This dusty little corner in the back of the store is for documents (mostly geeky stuff) that provide details about the projects of yesteryear. This includes software listings and schematics, design documentation, and how-to material. In all cases, you will be given a non-expiring download code that will let you fetch the file at your leisure from the e-junkie servers.
This covers one of the most useful spinoffs of Microship development: the serial crossbar network. Presenting a command-line interface on one end and a matrix of DB-9 connectors on the other, the Sexbar eliminates the nightmares of random RS-232 connections… swapping pins 2 and 3, fiddling with gender changers, and assembling chains of cables to get something to work. If the plugs fit and the baud rates match, any two devices will talk — it even figures out which pins transmit and which receive, then connects them accordingly! This scalable design provides 31 channels, and up to four simultaneous bidirectional connections can exist among any of them.
Of course, this is a 17-year-old design, and there are much sexier ways to move serial data around these days. But if you have a lot of vanilla retro RS-232 devices and need random peer-to-peer interconnections, this works well.
This 1-megabyte, 40-page PDF includes schematics, FORTH code for an embedded 68HC11 controller, and enough design theory to port it to another platform if you wish. There is an introduction to the Sexbar design if you want to check it out before committing to the PDF.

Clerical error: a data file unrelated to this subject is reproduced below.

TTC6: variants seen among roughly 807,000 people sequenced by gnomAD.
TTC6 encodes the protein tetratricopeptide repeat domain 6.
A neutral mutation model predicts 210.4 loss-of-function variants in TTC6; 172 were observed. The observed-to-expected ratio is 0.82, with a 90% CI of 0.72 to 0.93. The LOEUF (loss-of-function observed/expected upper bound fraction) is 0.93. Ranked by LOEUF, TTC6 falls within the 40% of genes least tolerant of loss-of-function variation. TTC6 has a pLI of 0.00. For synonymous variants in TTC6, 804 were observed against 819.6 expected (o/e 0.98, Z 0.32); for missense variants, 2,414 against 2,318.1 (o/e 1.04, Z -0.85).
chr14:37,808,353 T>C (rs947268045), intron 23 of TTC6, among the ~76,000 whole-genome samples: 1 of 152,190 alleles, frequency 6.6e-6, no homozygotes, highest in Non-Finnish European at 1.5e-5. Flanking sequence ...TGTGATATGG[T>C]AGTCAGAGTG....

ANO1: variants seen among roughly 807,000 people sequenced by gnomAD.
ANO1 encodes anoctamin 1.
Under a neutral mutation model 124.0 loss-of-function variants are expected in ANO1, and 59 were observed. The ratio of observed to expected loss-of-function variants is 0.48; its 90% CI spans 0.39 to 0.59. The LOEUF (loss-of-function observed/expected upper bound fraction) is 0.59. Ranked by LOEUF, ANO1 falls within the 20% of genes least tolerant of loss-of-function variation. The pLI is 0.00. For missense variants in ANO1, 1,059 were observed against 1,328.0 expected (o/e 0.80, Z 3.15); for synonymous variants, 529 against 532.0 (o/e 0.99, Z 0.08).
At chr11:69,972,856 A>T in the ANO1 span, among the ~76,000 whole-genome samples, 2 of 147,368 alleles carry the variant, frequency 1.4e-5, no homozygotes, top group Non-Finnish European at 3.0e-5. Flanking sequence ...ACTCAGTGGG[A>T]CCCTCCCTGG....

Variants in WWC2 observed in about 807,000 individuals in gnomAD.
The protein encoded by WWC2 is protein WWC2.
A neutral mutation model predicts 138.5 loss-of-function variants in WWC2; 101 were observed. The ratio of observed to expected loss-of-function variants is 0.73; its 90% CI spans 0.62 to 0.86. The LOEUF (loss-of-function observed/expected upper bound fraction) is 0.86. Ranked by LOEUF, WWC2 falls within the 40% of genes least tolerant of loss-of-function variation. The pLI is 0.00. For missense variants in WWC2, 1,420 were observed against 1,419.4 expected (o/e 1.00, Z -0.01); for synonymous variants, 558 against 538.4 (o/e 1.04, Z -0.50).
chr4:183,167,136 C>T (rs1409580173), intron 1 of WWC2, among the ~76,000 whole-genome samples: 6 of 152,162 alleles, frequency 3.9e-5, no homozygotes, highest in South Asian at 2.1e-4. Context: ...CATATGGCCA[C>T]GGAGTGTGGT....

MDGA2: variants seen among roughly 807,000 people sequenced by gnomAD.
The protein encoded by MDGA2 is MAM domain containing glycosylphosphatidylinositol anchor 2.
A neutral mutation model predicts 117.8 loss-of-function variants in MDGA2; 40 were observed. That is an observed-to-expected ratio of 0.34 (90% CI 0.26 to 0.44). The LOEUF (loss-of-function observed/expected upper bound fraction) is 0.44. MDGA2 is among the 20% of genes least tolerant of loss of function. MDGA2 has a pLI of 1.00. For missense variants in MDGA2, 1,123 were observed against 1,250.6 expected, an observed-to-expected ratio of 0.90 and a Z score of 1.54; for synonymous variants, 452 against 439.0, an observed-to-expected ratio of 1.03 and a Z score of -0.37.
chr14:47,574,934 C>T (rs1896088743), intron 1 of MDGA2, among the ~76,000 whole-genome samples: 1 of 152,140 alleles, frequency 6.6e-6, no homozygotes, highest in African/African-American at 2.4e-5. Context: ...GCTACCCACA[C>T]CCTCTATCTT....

The WANDER system is a spinoff of the Microship project, developed for the National Science Foundation’s “Wireless Field Test” in 2002. We installed Linux on an Octagon PC-500 single-board computer, and packaged it in a Pelican case along with GPS, power management tools, LCD/Keypad, and basic I/O… and it can talk via LAN or Globalstar satellite phone at 9600 baud. You can read all about it in our Embedded Linux Journal article.
This 110-page PDF is the complete WANDER software package (other than what’s in the Linux distro, of course!). Mostly written in Perl by Ned Konz, it includes all data collection code, GPS sentence parsing, Berkeley DB interface, channel management, a simple graphing package, Webmin front-end cgi scripts, database export tools including satellite email, local UI management, and the C program for a PIC-based solar power and battery management system that even schedules the Linux board. All this is well-commented and tested code; if you’re designing a system that even slightly overlaps WANDER, then this will pay for itself.
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